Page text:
Politics·Analysis

Spin Cycle: The contribution of lapsed spending to deficit slaying

Rarely has such attention been paid as to whether a particular budget was in deficit or surplus — but the Conservatives have long hinged their re-election strategy betting on black (ink that is), so here we are.

Justin Trudeau accuses the Conservatives of breaking promises to balance the budget

Liberal Leader Justin Trudeau juggles bocce balls during campaign stop in Fred Hamilton Park in Toronto on Monday. (Jonathan Hayward/Canadian Press)

"What happens when Stephen Harper's government underspends is he makes commitments to veterans, and First Nations, and others — and then doesn't keep those promises so that he can balance a paper budget in time for an election campaign."  — Liberal Leader Justin Trudeau, Sept. 14, 2015

Rarely has such attention been paid as to whether a particular budget was in deficit or surplus — but the Conservatives have long hinged their re-election strategy on black (ink that is), so here we are.

The official number for fiscal year 2014-15 is a surplus of $1,911,000,000.

By any measure, that's a slim surplus for annual spending of some $280 billion.

It also means that the fact the government left $9 billion in direct program spending unspent certainly is a contributing factor in the balancing act.

But is it fair to say the budget was balanced through "broken promises"?

The spin

Trudeau points to the "billions and billions of dollars unspent on programs last year" as a sign the government has broken its promise to all the individuals that were counting on services that, he is presuming, were underfunded and therefore not provided.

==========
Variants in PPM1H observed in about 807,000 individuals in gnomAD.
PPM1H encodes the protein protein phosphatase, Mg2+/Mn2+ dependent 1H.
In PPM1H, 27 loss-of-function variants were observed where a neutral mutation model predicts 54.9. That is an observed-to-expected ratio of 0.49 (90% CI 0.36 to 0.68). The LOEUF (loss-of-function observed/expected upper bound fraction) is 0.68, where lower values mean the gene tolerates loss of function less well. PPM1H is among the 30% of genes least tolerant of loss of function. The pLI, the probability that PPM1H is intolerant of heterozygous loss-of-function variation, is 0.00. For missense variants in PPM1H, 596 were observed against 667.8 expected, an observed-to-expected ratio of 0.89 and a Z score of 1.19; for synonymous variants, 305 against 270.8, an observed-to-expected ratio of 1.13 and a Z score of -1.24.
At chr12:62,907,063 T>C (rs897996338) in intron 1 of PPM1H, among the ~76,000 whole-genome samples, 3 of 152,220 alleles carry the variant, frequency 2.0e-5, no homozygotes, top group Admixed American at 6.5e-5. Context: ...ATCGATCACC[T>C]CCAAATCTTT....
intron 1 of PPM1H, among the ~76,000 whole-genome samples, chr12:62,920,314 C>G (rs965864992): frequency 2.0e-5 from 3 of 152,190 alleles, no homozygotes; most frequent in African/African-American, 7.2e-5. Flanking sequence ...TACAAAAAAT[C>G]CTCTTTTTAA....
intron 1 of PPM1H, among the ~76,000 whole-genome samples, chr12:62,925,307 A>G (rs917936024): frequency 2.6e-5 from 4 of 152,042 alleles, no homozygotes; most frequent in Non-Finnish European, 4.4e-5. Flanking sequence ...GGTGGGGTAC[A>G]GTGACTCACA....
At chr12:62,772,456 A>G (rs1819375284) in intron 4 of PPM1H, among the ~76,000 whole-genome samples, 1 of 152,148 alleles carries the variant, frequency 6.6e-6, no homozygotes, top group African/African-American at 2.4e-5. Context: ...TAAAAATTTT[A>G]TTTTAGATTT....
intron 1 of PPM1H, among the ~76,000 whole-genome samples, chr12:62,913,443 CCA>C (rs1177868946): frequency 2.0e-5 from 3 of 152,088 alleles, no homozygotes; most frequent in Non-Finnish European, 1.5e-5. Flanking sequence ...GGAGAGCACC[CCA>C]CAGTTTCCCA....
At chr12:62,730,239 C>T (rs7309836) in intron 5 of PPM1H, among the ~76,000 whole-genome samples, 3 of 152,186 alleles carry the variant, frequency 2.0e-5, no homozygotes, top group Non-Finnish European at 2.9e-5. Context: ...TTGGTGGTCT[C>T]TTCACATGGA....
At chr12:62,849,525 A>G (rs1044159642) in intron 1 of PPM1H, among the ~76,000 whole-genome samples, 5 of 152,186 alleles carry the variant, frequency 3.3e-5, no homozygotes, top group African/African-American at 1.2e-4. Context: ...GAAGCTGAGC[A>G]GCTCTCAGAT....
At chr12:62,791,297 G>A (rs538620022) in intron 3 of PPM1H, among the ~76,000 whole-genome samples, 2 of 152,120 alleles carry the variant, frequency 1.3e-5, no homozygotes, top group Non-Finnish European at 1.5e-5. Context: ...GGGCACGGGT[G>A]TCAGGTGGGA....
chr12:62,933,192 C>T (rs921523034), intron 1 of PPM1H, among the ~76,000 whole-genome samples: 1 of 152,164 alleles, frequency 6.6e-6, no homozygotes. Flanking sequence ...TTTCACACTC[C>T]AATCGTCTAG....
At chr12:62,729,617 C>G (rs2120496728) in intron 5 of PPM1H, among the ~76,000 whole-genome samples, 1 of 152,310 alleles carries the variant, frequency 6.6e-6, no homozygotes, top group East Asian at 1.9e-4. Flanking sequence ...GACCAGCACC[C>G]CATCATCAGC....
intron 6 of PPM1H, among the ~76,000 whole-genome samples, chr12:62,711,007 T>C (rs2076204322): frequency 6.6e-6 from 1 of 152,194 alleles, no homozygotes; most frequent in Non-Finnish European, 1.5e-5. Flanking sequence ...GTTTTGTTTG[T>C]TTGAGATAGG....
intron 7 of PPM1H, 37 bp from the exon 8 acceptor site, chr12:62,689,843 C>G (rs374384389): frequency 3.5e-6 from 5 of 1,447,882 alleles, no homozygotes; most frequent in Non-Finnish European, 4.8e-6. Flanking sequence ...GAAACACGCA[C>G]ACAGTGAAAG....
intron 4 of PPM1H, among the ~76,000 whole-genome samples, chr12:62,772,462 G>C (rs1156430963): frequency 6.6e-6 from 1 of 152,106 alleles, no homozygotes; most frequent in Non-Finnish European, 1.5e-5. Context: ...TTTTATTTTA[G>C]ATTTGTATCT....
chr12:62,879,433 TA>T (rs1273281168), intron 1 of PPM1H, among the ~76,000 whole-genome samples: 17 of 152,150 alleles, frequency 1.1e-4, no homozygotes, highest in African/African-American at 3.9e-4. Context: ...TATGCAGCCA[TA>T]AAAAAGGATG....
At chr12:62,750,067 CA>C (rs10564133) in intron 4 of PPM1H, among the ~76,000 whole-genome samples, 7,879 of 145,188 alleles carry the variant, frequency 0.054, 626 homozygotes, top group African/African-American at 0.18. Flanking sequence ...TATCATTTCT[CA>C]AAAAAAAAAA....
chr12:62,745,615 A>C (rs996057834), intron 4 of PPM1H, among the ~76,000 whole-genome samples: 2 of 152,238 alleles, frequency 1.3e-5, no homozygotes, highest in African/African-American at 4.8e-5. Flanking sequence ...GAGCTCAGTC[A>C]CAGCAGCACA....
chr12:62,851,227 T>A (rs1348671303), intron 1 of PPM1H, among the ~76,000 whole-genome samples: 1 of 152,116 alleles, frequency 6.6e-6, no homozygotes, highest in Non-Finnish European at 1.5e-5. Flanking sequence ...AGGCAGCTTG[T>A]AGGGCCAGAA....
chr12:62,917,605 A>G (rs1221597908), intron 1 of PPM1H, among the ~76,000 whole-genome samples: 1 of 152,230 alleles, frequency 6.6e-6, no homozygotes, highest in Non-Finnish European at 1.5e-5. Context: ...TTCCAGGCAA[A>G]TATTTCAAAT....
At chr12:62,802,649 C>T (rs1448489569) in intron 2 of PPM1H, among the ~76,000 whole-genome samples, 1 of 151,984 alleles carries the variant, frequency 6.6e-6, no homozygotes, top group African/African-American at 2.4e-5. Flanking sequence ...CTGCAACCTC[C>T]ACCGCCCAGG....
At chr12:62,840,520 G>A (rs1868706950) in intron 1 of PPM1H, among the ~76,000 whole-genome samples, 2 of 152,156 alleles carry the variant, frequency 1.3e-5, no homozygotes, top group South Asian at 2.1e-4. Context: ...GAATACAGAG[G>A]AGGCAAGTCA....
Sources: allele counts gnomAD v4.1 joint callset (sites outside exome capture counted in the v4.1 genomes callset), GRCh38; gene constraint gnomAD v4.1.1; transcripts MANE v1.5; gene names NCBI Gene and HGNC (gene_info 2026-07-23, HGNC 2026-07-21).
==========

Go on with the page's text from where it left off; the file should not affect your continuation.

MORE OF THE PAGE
Had that money been spent, the logic goes, the government would have posted a $7.1-billion deficit last year.

"The Finance Department's own numbers talk about billions of dollars unspent on programs in the past year," Trudeau said. "And we won't find out what was unspent until after the election."

Details of which departments handed back the most money won't come until after Parliament resumes sitting — which will indeed be after the election.

Past years, however, do give hints.

NDP Leader Tom Mulcair, for example, cited the $108 million that had been earmarked for the Immigration and Refugee Board, including $25 million to help resettle refugees, but lapsed the previous year.

The counter-spin

"That's absurd," Conservative Leader Stephen Harper says bluntly of the charge his government has balanced the budget by holding back allocated spending from departments and agencies.

He points to increased revenues as the driving force behind the run of annual deficits turning, finally, to surplus.

However, he doesn't deny lapsed funding occurs.

"The lapses are normal," he told reporters on Monday. "We make certain they [the departments and agencies] have enough money, but we don't expect them to spend every single dime."

Lots of numbers, lots of interpretations